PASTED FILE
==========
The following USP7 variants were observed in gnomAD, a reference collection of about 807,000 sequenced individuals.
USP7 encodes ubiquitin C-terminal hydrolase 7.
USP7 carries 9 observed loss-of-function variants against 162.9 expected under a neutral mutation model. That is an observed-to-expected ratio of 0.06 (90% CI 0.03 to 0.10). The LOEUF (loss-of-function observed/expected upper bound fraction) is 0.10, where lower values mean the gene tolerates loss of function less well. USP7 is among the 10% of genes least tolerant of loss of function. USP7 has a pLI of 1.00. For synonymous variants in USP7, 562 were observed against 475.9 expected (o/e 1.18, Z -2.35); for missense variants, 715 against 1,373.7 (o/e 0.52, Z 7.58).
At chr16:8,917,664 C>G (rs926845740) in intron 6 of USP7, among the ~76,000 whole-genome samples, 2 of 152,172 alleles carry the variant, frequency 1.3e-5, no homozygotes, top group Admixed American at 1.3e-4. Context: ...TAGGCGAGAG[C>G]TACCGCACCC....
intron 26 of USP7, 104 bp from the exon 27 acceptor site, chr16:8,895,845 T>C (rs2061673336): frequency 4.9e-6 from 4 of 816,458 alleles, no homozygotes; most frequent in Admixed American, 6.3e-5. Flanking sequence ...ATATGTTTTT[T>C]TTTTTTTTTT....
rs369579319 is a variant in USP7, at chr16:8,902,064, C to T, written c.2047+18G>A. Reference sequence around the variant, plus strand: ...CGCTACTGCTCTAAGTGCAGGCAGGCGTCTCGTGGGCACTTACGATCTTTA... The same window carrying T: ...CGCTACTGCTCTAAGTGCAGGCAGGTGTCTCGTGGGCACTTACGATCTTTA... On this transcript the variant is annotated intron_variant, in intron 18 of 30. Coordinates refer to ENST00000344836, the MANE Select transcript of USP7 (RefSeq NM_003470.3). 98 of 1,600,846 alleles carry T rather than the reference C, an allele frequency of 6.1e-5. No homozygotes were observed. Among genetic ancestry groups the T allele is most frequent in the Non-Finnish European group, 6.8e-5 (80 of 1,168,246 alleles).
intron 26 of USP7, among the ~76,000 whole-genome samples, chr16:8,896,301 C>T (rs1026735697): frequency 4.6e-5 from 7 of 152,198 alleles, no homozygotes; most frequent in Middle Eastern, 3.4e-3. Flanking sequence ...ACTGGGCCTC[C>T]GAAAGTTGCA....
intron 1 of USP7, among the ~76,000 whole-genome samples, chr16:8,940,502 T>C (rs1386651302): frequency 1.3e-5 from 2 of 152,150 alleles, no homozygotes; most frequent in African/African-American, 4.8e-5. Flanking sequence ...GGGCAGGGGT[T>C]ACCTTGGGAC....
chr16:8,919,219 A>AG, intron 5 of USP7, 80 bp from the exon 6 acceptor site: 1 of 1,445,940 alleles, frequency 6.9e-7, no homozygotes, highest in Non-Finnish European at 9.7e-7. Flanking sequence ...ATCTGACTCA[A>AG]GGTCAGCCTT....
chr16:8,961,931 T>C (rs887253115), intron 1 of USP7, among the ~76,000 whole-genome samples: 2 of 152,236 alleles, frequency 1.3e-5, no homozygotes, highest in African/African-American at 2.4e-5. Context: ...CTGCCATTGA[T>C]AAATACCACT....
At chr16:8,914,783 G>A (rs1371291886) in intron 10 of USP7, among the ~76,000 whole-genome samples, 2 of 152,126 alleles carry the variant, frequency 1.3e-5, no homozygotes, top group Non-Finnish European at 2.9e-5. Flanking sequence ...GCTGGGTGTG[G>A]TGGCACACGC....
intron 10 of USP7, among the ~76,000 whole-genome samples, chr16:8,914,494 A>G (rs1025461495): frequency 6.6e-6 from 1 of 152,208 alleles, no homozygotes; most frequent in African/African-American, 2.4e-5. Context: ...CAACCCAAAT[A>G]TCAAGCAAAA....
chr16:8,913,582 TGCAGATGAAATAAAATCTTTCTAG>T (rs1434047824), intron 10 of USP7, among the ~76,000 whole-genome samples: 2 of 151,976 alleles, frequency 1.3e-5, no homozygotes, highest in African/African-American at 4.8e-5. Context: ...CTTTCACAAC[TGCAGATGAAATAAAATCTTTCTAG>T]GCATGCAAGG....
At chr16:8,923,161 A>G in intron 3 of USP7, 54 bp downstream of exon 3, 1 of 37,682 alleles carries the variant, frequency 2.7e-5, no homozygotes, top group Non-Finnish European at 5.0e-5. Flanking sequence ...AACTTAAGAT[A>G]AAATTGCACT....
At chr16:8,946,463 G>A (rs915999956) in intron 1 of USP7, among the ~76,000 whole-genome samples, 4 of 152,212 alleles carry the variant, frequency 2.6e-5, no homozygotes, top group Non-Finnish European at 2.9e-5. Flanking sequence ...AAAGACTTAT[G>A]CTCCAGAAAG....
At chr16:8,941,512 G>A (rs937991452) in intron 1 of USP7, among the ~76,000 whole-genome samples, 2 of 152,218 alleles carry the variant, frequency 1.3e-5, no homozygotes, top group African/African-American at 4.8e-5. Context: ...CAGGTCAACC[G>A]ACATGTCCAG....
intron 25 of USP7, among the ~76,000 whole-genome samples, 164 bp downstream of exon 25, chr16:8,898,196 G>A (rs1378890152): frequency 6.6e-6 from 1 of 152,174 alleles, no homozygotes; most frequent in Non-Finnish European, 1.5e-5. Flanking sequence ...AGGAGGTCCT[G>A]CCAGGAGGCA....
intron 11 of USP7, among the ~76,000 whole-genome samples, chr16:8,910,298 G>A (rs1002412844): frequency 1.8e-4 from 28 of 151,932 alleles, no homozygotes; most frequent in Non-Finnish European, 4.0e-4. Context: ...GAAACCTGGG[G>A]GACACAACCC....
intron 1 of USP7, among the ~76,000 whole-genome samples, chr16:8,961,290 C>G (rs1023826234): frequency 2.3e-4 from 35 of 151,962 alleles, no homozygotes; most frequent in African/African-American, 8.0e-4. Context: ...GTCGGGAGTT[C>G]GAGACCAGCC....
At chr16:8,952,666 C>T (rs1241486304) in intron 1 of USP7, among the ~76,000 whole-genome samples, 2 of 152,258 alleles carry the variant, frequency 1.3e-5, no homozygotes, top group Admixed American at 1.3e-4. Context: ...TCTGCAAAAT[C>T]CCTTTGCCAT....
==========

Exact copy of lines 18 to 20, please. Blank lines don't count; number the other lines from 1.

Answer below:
intron 11 of USP7, among the ~76,000 whole-genome samples, chr16:8,910,298 G>A (rs1002412844): frequency 1.8e-4 from 28 of 151,932 alleles, no homozygotes; most frequent in Non-Finnish European, 4.0e-4. Context: ...GAAACCTGGG[G>A]GACACAACCC....
intron 1 of USP7, among the ~76,000 whole-genome samples, chr16:8,961,290 C>G (rs1023826234): frequency 2.3e-4 from 35 of 151,962 alleles, no homozygotes; most frequent in African/African-American, 8.0e-4. Context: ...GTCGGGAGTT[C>G]GAGACCAGCC....
At chr16:8,952,666 C>T (rs1241486304) in intron 1 of USP7, among the ~76,000 whole-genome samples, 2 of 152,258 alleles carry the variant, frequency 1.3e-5, no homozygotes, top group Admixed American at 1.3e-4. Context: ...TCTGCAAAAT[C>T]CCTTTGCCAT....